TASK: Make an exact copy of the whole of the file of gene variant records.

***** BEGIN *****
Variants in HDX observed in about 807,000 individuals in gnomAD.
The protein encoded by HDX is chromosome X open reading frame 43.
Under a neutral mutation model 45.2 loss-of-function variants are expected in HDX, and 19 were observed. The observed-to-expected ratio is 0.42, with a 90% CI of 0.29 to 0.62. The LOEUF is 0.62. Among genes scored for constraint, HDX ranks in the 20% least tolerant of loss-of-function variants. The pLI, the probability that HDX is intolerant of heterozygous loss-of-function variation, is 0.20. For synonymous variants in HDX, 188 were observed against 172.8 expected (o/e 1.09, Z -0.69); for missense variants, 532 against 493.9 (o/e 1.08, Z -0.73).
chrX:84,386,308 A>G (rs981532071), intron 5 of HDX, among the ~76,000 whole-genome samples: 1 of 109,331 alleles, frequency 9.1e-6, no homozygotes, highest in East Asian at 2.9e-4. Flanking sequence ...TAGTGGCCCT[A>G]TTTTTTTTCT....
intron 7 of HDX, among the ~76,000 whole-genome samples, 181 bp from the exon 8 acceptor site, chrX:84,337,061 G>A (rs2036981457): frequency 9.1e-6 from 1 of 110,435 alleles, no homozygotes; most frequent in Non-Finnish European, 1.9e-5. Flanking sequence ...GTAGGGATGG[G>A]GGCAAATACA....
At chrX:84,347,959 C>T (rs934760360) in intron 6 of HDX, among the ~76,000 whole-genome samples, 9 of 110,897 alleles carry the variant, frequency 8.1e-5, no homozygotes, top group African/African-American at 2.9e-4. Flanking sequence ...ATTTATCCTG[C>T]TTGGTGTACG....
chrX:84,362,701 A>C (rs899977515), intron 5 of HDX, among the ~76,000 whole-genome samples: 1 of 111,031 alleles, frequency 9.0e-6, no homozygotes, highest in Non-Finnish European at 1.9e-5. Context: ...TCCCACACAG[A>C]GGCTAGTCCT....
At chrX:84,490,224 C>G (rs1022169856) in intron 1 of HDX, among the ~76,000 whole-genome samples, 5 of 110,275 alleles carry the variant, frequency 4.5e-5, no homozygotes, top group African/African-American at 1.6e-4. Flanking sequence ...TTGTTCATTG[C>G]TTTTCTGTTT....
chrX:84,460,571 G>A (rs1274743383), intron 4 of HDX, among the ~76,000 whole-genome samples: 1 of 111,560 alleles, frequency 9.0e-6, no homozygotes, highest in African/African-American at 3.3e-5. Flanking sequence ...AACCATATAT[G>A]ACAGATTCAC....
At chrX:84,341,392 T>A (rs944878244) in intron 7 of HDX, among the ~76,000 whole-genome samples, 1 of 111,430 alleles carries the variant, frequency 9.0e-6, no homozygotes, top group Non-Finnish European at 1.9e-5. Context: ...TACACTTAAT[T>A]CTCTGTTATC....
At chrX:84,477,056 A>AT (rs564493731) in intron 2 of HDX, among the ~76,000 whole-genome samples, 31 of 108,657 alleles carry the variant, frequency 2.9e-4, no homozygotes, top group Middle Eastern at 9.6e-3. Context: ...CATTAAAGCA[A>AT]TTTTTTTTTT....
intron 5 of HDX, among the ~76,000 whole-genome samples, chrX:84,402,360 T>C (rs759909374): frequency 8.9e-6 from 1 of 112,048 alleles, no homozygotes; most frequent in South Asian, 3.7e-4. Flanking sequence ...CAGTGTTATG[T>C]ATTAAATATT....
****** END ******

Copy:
Variants in HDX observed in about 807,000 individuals in gnomAD.
The protein encoded by HDX is chromosome X open reading frame 43.
Under a neutral mutation model 45.2 loss-of-function variants are expected in HDX, and 19 were observed. The observed-to-expected ratio is 0.42, with a 90% CI of 0.29 to 0.62. The LOEUF is 0.62. Among genes scored for constraint, HDX ranks in the 20% least tolerant of loss-of-function variants. The pLI, the probability that HDX is intolerant of heterozygous loss-of-function variation, is 0.20. For synonymous variants in HDX, 188 were observed against 172.8 expected (o/e 1.09, Z -0.69); for missense variants, 532 against 493.9 (o/e 1.08, Z -0.73).
chrX:84,386,308 A>G (rs981532071), intron 5 of HDX, among the ~76,000 whole-genome samples: 1 of 109,331 alleles, frequency 9.1e-6, no homozygotes, highest in East Asian at 2.9e-4. Flanking sequence ...TAGTGGCCCT[A>G]TTTTTTTTCT....
intron 7 of HDX, among the ~76,000 whole-genome samples, 181 bp from the exon 8 acceptor site, chrX:84,337,061 G>A (rs2036981457): frequency 9.1e-6 from 1 of 110,435 alleles, no homozygotes; most frequent in Non-Finnish European, 1.9e-5. Flanking sequence ...GTAGGGATGG[G>A]GGCAAATACA....
At chrX:84,347,959 C>T (rs934760360) in intron 6 of HDX, among the ~76,000 whole-genome samples, 9 of 110,897 alleles carry the variant, frequency 8.1e-5, no homozygotes, top group African/African-American at 2.9e-4. Flanking sequence ...ATTTATCCTG[C>T]TTGGTGTACG....
chrX:84,362,701 A>C (rs899977515), intron 5 of HDX, among the ~76,000 whole-genome samples: 1 of 111,031 alleles, frequency 9.0e-6, no homozygotes, highest in Non-Finnish European at 1.9e-5. Context: ...TCCCACACAG[A>C]GGCTAGTCCT....
At chrX:84,490,224 C>G (rs1022169856) in intron 1 of HDX, among the ~76,000 whole-genome samples, 5 of 110,275 alleles carry the variant, frequency 4.5e-5, no homozygotes, top group African/African-American at 1.6e-4. Flanking sequence ...TTGTTCATTG[C>G]TTTTCTGTTT....
chrX:84,460,571 G>A (rs1274743383), intron 4 of HDX, among the ~76,000 whole-genome samples: 1 of 111,560 alleles, frequency 9.0e-6, no homozygotes, highest in African/African-American at 3.3e-5. Flanking sequence ...AACCATATAT[G>A]ACAGATTCAC....
At chrX:84,341,392 T>A (rs944878244) in intron 7 of HDX, among the ~76,000 whole-genome samples, 1 of 111,430 alleles carries the variant, frequency 9.0e-6, no homozygotes, top group Non-Finnish European at 1.9e-5. Context: ...TACACTTAAT[T>A]CTCTGTTATC....
At chrX:84,477,056 A>AT (rs564493731) in intron 2 of HDX, among the ~76,000 whole-genome samples, 31 of 108,657 alleles carry the variant, frequency 2.9e-4, no homozygotes, top group Middle Eastern at 9.6e-3. Context: ...CATTAAAGCA[A>AT]TTTTTTTTTT....
intron 5 of HDX, among the ~76,000 whole-genome samples, chrX:84,402,360 T>C (rs759909374): frequency 8.9e-6 from 1 of 112,048 alleles, no homozygotes; most frequent in South Asian, 3.7e-4. Flanking sequence ...CAGTGTTATG[T>C]ATTAAATATT....